Summers Gone and No Christmas Bells to be Found

Summers Gone and No Christmas Bells to be Found

Christmas BellsIt started out as the ‘Christmas Bell mission’ but quickly turned into; ‘I will look from the trail.’ Snakes did scare me off, for some reason over the past six months I’ve encounter quite a few, some when I have wandered off… but others I’ve nearly stepped on.
However on a serious note I would have liked to have seen some Christmas Bells (Blandfordia grandiflora ) somewhere…  I’d hoped ‘somewhere’ in this beautiful location there was a patch of Christmas Bells growing; perhaps hidden away from public view…let’s hope so.

Next summer I will look for more eyes to help.

Every time I read this article in the about how prolific these flowers were along the South Coast Road between Miami and Burleigh Heads, (now the Gold Coast Hwy) it makes me feel sad. Sad that we have lost a piece of the original Gold Coast its wild flowers.
How popular were Christmas Bells in the 1920’s read the News Article January 1928 Sunday Mail (Brisbane) source -trove.nla.gov.au

Where did I go in search for Christmas Bells?

I had a number of locations in mind, but first I did a quick check to see what conditions these flower preferred and it was surprisingly quite diverse;

  • Swampland  
  • Heathland
  • Hillsides
  • Rocky terrain

In addition in the southern states they have been found on mountains. One of my strategies was to contact a few native nurseries; I checked a few when I was down south, not in Queensland.  One thing I did uncovered was that there was a push a few years ago to grow them commercially and export to the overseas market.

The flowers last for a considerable time, but unfortunately the plant is slow growing and very finicky and if the conditions aren’t right will not thrive.
Another obstacle was weeds and this was probably the biggest, weeds can quickly grow around the plant and inhibit its growth.

Where did I search for Christmas Bells?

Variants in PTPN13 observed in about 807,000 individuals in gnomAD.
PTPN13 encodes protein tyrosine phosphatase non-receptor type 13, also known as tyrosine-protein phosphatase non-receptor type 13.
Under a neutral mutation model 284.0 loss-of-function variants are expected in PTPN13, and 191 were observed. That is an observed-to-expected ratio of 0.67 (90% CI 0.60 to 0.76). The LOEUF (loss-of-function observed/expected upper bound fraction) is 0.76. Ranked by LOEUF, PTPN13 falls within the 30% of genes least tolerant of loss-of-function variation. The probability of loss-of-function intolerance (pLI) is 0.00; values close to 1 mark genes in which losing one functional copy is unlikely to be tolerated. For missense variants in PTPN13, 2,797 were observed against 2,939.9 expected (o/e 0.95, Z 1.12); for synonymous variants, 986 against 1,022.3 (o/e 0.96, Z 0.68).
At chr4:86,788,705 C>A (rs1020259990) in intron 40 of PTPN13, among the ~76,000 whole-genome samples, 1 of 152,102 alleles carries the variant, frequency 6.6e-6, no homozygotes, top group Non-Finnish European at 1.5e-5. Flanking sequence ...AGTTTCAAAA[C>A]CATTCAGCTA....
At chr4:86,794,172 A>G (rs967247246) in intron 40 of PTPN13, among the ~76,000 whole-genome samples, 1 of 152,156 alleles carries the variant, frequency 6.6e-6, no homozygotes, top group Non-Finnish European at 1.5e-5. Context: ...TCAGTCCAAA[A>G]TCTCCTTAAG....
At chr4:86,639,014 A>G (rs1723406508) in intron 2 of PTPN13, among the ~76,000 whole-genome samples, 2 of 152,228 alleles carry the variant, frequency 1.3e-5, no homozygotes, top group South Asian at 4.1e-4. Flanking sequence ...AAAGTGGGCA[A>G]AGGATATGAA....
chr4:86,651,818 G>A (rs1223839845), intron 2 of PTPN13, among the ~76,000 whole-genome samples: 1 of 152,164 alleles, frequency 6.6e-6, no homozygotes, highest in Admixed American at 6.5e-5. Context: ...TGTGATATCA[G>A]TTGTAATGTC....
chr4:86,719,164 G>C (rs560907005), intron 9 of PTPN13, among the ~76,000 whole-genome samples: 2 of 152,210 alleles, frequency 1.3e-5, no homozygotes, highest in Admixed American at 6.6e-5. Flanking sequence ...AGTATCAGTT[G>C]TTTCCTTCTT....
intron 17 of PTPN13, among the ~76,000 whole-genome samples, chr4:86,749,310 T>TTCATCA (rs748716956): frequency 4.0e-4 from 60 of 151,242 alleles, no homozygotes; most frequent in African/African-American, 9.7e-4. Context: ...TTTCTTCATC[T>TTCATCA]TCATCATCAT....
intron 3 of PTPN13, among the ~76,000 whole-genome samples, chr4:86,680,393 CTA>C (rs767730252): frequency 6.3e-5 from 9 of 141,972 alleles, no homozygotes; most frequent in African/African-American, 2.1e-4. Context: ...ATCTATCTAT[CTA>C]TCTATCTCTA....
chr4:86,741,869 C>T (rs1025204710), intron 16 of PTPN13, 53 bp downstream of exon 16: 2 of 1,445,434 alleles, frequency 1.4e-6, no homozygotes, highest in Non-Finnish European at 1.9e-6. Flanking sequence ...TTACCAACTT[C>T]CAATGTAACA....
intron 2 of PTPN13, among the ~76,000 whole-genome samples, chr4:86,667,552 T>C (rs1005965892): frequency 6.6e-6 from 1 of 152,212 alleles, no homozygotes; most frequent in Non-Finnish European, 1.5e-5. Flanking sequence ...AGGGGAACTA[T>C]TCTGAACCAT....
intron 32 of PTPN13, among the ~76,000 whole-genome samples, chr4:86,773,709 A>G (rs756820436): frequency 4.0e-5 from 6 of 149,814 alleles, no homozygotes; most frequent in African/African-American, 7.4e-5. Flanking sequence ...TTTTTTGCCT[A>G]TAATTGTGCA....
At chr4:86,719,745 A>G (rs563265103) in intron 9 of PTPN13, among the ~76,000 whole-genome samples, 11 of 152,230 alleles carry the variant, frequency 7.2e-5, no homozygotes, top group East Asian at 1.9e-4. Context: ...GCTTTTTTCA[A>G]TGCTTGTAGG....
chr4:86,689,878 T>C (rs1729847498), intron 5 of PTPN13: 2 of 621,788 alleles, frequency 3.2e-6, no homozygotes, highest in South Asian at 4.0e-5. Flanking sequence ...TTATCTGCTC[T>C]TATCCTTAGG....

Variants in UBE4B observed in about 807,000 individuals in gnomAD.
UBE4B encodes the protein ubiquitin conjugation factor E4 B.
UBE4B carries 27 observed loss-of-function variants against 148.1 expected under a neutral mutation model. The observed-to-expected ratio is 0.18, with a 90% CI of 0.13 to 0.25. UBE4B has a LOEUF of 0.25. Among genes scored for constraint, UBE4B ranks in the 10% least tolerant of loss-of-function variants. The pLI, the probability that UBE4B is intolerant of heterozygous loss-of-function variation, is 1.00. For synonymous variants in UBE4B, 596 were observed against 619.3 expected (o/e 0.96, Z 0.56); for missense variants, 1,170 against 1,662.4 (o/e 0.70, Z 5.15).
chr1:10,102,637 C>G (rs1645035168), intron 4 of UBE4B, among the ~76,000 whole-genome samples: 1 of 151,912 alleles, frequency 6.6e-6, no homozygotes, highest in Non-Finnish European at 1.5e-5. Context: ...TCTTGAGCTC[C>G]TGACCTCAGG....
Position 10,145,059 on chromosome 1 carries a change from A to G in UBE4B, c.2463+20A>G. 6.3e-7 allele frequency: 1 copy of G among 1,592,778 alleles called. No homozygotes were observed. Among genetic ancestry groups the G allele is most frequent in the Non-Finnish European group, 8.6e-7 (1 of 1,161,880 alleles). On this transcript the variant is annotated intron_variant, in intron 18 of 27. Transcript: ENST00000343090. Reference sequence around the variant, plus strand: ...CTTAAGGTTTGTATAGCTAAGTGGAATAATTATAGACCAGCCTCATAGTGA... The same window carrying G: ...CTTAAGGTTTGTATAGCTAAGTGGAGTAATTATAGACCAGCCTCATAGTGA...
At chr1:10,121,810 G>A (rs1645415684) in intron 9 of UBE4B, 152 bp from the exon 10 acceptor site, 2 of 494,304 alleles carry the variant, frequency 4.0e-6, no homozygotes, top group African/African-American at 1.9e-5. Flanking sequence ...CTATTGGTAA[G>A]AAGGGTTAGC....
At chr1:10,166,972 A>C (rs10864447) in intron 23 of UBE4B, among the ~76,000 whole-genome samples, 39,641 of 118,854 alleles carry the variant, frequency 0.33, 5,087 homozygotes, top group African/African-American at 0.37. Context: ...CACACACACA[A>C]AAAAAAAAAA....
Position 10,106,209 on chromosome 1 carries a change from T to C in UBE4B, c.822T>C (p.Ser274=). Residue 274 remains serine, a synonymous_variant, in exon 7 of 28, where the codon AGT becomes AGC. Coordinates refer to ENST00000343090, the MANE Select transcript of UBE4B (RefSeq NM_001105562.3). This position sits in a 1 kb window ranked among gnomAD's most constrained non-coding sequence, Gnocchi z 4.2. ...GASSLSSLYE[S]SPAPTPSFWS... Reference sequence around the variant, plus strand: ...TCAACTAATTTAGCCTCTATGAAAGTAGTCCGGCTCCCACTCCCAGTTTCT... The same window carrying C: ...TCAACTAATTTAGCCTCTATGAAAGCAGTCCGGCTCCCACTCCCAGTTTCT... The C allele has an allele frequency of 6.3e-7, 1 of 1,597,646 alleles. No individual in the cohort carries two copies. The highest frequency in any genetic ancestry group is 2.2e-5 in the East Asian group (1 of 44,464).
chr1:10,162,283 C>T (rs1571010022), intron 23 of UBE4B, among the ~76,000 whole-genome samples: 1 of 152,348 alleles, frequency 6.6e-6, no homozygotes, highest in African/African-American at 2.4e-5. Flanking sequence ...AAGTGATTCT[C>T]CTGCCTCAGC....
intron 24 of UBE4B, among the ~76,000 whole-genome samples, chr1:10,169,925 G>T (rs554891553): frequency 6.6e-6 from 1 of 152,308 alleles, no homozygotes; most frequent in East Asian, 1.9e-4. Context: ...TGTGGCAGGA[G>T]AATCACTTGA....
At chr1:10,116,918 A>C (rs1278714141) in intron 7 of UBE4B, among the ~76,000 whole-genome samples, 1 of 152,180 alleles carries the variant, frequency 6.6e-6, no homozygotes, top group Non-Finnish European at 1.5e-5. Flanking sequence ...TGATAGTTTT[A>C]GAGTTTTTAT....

After reading all the information, I wasn’t hopeful particularly the part about the weeds, I know that this is a big problem Australia wide, especially impacting on native plants, the weeds and grasses can choked them out.

Federation Walk

First on my list was Federation Walk at the Spit there is a lot of heathland and sections of swampland. But wandering off the trail wasn’t something I was prepared to do, and none of my companions would either, especially after nearly stepping on a huge coastal python on the trail. This is testament that there is plenty of wildlife in this area, this python was big.

Grasslands on Federation Walk the Spit
I walked along the trail and stared at the open grasslands till I started to imagine I saw a patch or glimpses of red bells, and I did but it was the common weed ( Euphorbia Cyathophora) Desert Poinsettia/Fire on the mountains flower a native of South and North America.
I wandered off the trail a few times, mainly on the beach side where Christmas Bells could be found behind the dunes.

I wasn’t hopeful the early settlers changed the south coast landscape by clearing it for farmland; this location and South Stradbroke Island were both used for cattle. In addition over the years bush fires have devastated section of this area.

Burleigh Headland

Coastal Grasslands

I walked Burleigh Headland National Park along the ocean circuit and scanned the coastal heathland along the eastern side for any pockets of red. I walked this trail a number of times just in case any could be found. Now if I did see a suspected plant would I have climbed up to check it out? A good question and one I don’t have to answer because none were found.

Tallebudgera Conservation Park

A number of times I walked the whole circuit of this conservation park, Burleigh Heads side and Palm Beach side of Tallebudgera Creek and the reality is that the weed infestation was so bad that even if this was their ideal environment survival would be unlikely.

Schuster Park

There is an isolated pocket of land at Schuster Park or what I call Schuster Island; it’s not an island but a narrow section of land with Tallebudgera Creek almost surrounding it except for a small strip of land at the entrance where the gate is.  This area is quite diverse with She Oaks on the southern side and the northern side light forest, with mangroves and heathland.
The location had some potential and was on my list but unfortunately I never had the chance to check it out.

Elanora Wetlands

These wetlands are directly opposite the top end of Schuster Park and surrounded by the upper reaches of Tallebudgera Creek. This was another spot worth investigation. Much of the same general landscape, mangroves and some open heathland found at Schuster Park. But alas no results…

With autumn upon us it’s time to plan for next summer, maybe this December with some better planning; I might find some Christmas Bells somewhere on the Gold Coast, here’s hoping…

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